|June 9, 2000, 12:10 PM||#1|
Join Date: August 21, 1999
Location: Ashland City, TN
My wife, after much deliberation, bought for me the RCBS Rock Chucker Master Reloading Kit. I will give you the exact contents, and I'd like to know....
1. What I must have besides actual bullet components to get going.
2. What I may like to get to make this process easier.
I will not be in mass production here, so I think a single stage was the way to go for multiple reasons. It requires greater attention to detail, and I think it seems this would be the best way for a new person to get started.
The kit includes:
1. Rock Chucker Press
2. 505 scale
3. Speer reloading manual #13
4. Uniflow Powder measure
5. Manual trim Pro kit
6. Deburring tool
7. Case loading block
8. Primer tray-2
9. Auto primer feed Combo
10. Powder funnel
11. Case lube kit
12. fold-up hex key set.
I have a set of calipers, and the Winchester reloading manual.
I see several different styles of dies offered, I want a quality set because as most will probably agree that it is in the dies that the whole thing comes together. I want a set to do the job right.
I only plan to run a low production level of .308 Winchester at this time. It will all be fed into a box fed bolt action rifle. (This seems to be of importance and I don't know why?)
Can a 2 die set get "everything a case needs done", or do I have to buy a separate die for full length sizing? I have been told that you can get away with neck sizing only for about 3 reloads then you must full-length size. WHO MAKES A COMPLETE SET THAT WILL DO IT ALL? And fit my RCBS press.
Wifey ordered it all UPS ground so I figure I've got about a week till it gets here.
I will be loading in Winchester Brass, using WLR primers and the Winchester PP bullet. I will use this along with a Winchester powder to learn, then I will work up to doing interesting and different loads. I have a buddy who can get me Winchester components at a discount rate, therefore the exclusive use of Winchester components.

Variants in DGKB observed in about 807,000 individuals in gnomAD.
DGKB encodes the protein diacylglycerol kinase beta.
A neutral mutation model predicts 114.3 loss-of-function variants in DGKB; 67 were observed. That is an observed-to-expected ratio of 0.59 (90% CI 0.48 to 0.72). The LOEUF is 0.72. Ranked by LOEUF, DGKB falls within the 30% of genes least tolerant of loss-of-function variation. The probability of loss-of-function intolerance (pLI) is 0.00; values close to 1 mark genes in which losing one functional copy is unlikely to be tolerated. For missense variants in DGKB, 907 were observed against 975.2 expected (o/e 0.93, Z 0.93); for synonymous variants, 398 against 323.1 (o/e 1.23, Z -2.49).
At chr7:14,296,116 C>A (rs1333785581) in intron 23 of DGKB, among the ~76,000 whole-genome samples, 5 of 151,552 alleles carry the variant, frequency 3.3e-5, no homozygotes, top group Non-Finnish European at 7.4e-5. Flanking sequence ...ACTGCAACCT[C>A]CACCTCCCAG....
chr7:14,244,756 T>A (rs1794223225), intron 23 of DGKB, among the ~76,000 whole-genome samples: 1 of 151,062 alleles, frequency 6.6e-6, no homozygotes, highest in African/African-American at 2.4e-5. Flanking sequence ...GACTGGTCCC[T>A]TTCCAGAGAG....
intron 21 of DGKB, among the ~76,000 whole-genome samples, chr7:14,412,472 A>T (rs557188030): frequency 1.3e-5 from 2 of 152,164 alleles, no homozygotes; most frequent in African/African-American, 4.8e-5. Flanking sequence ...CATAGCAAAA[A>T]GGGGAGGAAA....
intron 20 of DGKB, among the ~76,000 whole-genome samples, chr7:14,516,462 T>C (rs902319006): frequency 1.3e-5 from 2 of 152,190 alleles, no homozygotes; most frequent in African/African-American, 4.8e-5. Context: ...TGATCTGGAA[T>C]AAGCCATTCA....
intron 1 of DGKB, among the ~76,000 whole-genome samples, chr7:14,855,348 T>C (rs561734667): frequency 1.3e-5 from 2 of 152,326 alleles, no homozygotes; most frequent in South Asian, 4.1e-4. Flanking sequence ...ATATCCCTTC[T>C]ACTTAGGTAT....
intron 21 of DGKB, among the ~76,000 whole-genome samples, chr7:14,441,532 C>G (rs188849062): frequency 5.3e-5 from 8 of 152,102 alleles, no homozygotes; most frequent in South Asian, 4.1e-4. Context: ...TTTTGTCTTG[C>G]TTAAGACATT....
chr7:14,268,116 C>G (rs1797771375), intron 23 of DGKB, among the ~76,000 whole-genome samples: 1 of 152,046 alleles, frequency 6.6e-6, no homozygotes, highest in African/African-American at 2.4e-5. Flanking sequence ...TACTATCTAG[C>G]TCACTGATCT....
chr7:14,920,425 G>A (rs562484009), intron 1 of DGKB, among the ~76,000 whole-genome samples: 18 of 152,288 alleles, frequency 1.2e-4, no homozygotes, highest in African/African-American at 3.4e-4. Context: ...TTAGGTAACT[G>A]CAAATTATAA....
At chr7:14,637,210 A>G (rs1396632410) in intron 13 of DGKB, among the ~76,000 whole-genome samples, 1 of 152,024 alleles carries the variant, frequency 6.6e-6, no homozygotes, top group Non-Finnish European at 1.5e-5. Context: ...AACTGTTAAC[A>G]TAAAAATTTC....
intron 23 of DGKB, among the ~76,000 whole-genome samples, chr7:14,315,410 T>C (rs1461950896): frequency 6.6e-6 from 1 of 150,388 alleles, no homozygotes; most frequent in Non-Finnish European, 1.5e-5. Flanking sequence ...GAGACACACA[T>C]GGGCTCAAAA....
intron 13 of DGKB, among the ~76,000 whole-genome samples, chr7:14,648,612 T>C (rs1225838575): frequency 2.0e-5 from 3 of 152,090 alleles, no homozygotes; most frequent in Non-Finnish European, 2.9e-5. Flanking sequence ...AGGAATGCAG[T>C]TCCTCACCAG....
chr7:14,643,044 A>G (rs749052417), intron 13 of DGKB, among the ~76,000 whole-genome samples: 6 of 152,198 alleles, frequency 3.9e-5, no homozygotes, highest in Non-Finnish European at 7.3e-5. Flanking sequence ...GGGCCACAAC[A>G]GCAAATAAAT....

Thanks in advance for the help, this is a world I am looking forward to diving into.
Also living in an apartment, will the MIDWAY USA portable stand suffice for my low-production center?
I thought I'd seen it all, until a 22WMR spun a bunny 2 1/4 times in the air!
|June 9, 2000, 12:28 PM||#2|
Join Date: October 2, 1999
Just a couple of things to make life better;
1-lee or RCBS auto prime.You will find these are better then the press mounted primer systm and a lot faster.
2-lee dies work as wll as anything on the market.I have many thausand rds with them.
3-case lube.Hornady make a case lube in a little tub that works the best of evething I have found.I have used many others and allways come back to it.
4-I full length resize all the time.The two die set is all you need.
If you have any questions feel free to email me direct.Hope this helped.
We have a criminal jury system which is superior to any in the world;
and its efficiency is only marred by the difficulty of finding twelve men
every day who don't know anything and can't read.
|June 9, 2000, 12:39 PM||#3|
A powder scale.
Marker & labels to label your loads.
Spiral-bound notebook or equal for record keeping.
Cartridge boxes better than the cardboard ones.